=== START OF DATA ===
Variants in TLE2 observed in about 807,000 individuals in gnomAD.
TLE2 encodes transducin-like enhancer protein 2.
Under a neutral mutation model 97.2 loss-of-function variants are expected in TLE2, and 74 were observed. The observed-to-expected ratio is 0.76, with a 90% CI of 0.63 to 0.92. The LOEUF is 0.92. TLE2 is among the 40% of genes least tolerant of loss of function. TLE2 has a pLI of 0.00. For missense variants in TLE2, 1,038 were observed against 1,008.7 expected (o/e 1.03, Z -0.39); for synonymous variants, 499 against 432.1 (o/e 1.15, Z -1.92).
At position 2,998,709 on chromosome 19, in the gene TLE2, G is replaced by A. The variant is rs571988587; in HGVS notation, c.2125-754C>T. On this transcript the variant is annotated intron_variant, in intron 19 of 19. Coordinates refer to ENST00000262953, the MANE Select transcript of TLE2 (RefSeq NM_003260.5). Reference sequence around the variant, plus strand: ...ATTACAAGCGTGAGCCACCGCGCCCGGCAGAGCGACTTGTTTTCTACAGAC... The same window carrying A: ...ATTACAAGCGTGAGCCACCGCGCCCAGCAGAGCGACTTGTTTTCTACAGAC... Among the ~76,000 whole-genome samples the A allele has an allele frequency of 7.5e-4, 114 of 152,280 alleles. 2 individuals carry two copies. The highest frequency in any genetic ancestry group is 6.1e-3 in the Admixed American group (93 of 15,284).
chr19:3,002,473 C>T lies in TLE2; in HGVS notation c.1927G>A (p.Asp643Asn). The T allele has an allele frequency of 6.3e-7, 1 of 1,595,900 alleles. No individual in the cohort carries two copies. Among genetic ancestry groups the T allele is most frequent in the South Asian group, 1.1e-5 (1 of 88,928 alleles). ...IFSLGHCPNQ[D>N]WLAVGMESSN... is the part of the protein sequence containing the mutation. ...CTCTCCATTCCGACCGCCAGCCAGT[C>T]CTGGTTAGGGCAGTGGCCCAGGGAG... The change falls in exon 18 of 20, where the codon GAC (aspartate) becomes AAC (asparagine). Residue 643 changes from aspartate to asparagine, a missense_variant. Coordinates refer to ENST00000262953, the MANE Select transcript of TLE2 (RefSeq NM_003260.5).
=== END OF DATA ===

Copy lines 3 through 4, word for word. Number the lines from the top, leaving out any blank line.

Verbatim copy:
Under a neutral mutation model 97.2 loss-of-function variants are expected in TLE2, and 74 were observed. The observed-to-expected ratio is 0.76, with a 90% CI of 0.63 to 0.92. The LOEUF is 0.92. TLE2 is among the 40% of genes least tolerant of loss of function. TLE2 has a pLI of 0.00. For missense variants in TLE2, 1,038 were observed against 1,008.7 expected (o/e 1.03, Z -0.39); for synonymous variants, 499 against 432.1 (o/e 1.15, Z -1.92).
At position 2,998,709 on chromosome 19, in the gene TLE2, G is replaced by A. The variant is rs571988587; in HGVS notation, c.2125-754C>T. On this transcript the variant is annotated intron_variant, in intron 19 of 19. Coordinates refer to ENST00000262953, the MANE Select transcript of TLE2 (RefSeq NM_003260.5). Reference sequence around the variant, plus strand: ...ATTACAAGCGTGAGCCACCGCGCCCGGCAGAGCGACTTGTTTTCTACAGAC... The same window carrying A: ...ATTACAAGCGTGAGCCACCGCGCCCAGCAGAGCGACTTGTTTTCTACAGAC... Among the ~76,000 whole-genome samples the A allele has an allele frequency of 7.5e-4, 114 of 152,280 alleles. 2 individuals carry two copies. The highest frequency in any genetic ancestry group is 6.1e-3 in the Admixed American group (93 of 15,284).